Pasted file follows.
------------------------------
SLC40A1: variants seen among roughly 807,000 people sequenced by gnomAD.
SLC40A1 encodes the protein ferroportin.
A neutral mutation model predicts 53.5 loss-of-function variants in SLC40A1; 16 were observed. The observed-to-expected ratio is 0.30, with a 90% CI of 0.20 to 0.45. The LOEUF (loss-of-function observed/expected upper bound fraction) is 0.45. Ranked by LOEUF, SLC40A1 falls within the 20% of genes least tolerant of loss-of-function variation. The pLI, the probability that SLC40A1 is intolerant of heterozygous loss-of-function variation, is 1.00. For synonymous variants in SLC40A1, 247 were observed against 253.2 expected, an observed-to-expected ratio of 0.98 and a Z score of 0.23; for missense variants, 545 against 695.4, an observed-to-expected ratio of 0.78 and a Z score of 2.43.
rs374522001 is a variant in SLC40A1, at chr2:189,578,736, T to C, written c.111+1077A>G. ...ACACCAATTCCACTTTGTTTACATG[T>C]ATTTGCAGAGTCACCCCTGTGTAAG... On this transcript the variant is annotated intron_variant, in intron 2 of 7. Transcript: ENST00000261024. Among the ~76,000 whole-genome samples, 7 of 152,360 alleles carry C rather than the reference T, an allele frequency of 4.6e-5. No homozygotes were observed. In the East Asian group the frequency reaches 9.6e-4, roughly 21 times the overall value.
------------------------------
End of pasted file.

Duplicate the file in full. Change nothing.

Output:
SLC40A1: variants seen among roughly 807,000 people sequenced by gnomAD.
SLC40A1 encodes the protein ferroportin.
A neutral mutation model predicts 53.5 loss-of-function variants in SLC40A1; 16 were observed. The observed-to-expected ratio is 0.30, with a 90% CI of 0.20 to 0.45. The LOEUF (loss-of-function observed/expected upper bound fraction) is 0.45. Ranked by LOEUF, SLC40A1 falls within the 20% of genes least tolerant of loss-of-function variation. The pLI, the probability that SLC40A1 is intolerant of heterozygous loss-of-function variation, is 1.00. For synonymous variants in SLC40A1, 247 were observed against 253.2 expected, an observed-to-expected ratio of 0.98 and a Z score of 0.23; for missense variants, 545 against 695.4, an observed-to-expected ratio of 0.78 and a Z score of 2.43.
rs374522001 is a variant in SLC40A1, at chr2:189,578,736, T to C, written c.111+1077A>G. ...ACACCAATTCCACTTTGTTTACATG[T>C]ATTTGCAGAGTCACCCCTGTGTAAG... On this transcript the variant is annotated intron_variant, in intron 2 of 7. Transcript: ENST00000261024. Among the ~76,000 whole-genome samples, 7 of 152,360 alleles carry C rather than the reference T, an allele frequency of 4.6e-5. No homozygotes were observed. In the East Asian group the frequency reaches 9.6e-4, roughly 21 times the overall value.